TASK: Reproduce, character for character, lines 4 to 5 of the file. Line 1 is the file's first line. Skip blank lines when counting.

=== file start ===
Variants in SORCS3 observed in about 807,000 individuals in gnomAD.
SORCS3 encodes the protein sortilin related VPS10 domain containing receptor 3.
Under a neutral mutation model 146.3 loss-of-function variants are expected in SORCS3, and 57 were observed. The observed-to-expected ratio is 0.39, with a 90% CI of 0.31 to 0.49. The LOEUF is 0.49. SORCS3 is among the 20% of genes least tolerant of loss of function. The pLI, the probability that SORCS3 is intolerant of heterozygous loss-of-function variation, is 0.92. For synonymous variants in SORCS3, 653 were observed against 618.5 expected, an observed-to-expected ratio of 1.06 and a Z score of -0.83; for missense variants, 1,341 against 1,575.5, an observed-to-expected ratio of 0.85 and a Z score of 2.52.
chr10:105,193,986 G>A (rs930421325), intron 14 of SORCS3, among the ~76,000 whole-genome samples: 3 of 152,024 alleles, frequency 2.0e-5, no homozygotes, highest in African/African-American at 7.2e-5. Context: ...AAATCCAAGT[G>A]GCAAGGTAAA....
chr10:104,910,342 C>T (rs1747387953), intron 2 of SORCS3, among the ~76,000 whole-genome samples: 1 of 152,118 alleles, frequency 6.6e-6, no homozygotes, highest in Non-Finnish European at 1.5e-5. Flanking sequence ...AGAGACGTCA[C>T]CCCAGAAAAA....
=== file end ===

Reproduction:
chr10:105,193,986 G>A (rs930421325), intron 14 of SORCS3, among the ~76,000 whole-genome samples: 3 of 152,024 alleles, frequency 2.0e-5, no homozygotes, highest in African/African-American at 7.2e-5. Context: ...AAATCCAAGT[G>A]GCAAGGTAAA....
chr10:104,910,342 C>T (rs1747387953), intron 2 of SORCS3, among the ~76,000 whole-genome samples: 1 of 152,118 alleles, frequency 6.6e-6, no homozygotes, highest in Non-Finnish European at 1.5e-5. Flanking sequence ...AGAGACGTCA[C>T]CCCAGAAAAA....